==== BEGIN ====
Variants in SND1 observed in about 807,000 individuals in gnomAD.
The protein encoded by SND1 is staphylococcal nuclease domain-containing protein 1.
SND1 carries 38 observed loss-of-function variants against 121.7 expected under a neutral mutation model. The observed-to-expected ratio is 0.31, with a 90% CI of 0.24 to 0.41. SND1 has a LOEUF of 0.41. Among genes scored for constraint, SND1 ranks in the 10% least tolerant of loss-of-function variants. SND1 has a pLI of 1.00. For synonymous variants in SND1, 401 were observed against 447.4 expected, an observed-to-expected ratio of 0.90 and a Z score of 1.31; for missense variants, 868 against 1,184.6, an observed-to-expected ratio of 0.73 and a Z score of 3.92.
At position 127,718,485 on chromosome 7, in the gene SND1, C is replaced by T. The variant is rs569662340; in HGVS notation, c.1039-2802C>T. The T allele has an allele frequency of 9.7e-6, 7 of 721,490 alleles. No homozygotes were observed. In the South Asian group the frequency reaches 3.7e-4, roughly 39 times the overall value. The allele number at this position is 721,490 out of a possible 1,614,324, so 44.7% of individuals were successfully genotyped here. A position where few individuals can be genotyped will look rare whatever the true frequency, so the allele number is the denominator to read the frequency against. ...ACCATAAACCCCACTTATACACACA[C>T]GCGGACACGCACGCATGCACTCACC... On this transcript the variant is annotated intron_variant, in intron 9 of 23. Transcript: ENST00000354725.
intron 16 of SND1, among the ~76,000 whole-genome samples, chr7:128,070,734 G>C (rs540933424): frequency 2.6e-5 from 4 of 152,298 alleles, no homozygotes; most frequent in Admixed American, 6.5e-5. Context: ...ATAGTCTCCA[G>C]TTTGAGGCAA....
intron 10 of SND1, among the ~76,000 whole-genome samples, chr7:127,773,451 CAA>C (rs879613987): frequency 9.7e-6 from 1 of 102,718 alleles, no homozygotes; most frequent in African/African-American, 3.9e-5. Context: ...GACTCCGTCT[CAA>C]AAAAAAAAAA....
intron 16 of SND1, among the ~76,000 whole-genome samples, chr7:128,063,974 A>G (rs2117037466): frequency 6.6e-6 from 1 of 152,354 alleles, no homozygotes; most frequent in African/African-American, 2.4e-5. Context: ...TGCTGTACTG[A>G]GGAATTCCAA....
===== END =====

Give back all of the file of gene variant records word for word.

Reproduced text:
Variants in SND1 observed in about 807,000 individuals in gnomAD.
The protein encoded by SND1 is staphylococcal nuclease domain-containing protein 1.
SND1 carries 38 observed loss-of-function variants against 121.7 expected under a neutral mutation model. The observed-to-expected ratio is 0.31, with a 90% CI of 0.24 to 0.41. SND1 has a LOEUF of 0.41. Among genes scored for constraint, SND1 ranks in the 10% least tolerant of loss-of-function variants. SND1 has a pLI of 1.00. For synonymous variants in SND1, 401 were observed against 447.4 expected, an observed-to-expected ratio of 0.90 and a Z score of 1.31; for missense variants, 868 against 1,184.6, an observed-to-expected ratio of 0.73 and a Z score of 3.92.
At position 127,718,485 on chromosome 7, in the gene SND1, C is replaced by T. The variant is rs569662340; in HGVS notation, c.1039-2802C>T. The T allele has an allele frequency of 9.7e-6, 7 of 721,490 alleles. No homozygotes were observed. In the South Asian group the frequency reaches 3.7e-4, roughly 39 times the overall value. The allele number at this position is 721,490 out of a possible 1,614,324, so 44.7% of individuals were successfully genotyped here. A position where few individuals can be genotyped will look rare whatever the true frequency, so the allele number is the denominator to read the frequency against. ...ACCATAAACCCCACTTATACACACA[C>T]GCGGACACGCACGCATGCACTCACC... On this transcript the variant is annotated intron_variant, in intron 9 of 23. Transcript: ENST00000354725.
intron 16 of SND1, among the ~76,000 whole-genome samples, chr7:128,070,734 G>C (rs540933424): frequency 2.6e-5 from 4 of 152,298 alleles, no homozygotes; most frequent in Admixed American, 6.5e-5. Context: ...ATAGTCTCCA[G>C]TTTGAGGCAA....
intron 10 of SND1, among the ~76,000 whole-genome samples, chr7:127,773,451 CAA>C (rs879613987): frequency 9.7e-6 from 1 of 102,718 alleles, no homozygotes; most frequent in African/African-American, 3.9e-5. Context: ...GACTCCGTCT[CAA>C]AAAAAAAAAA....
intron 16 of SND1, among the ~76,000 whole-genome samples, chr7:128,063,974 A>G (rs2117037466): frequency 6.6e-6 from 1 of 152,354 alleles, no homozygotes; most frequent in African/African-American, 2.4e-5. Context: ...TGCTGTACTG[A>G]GGAATTCCAA....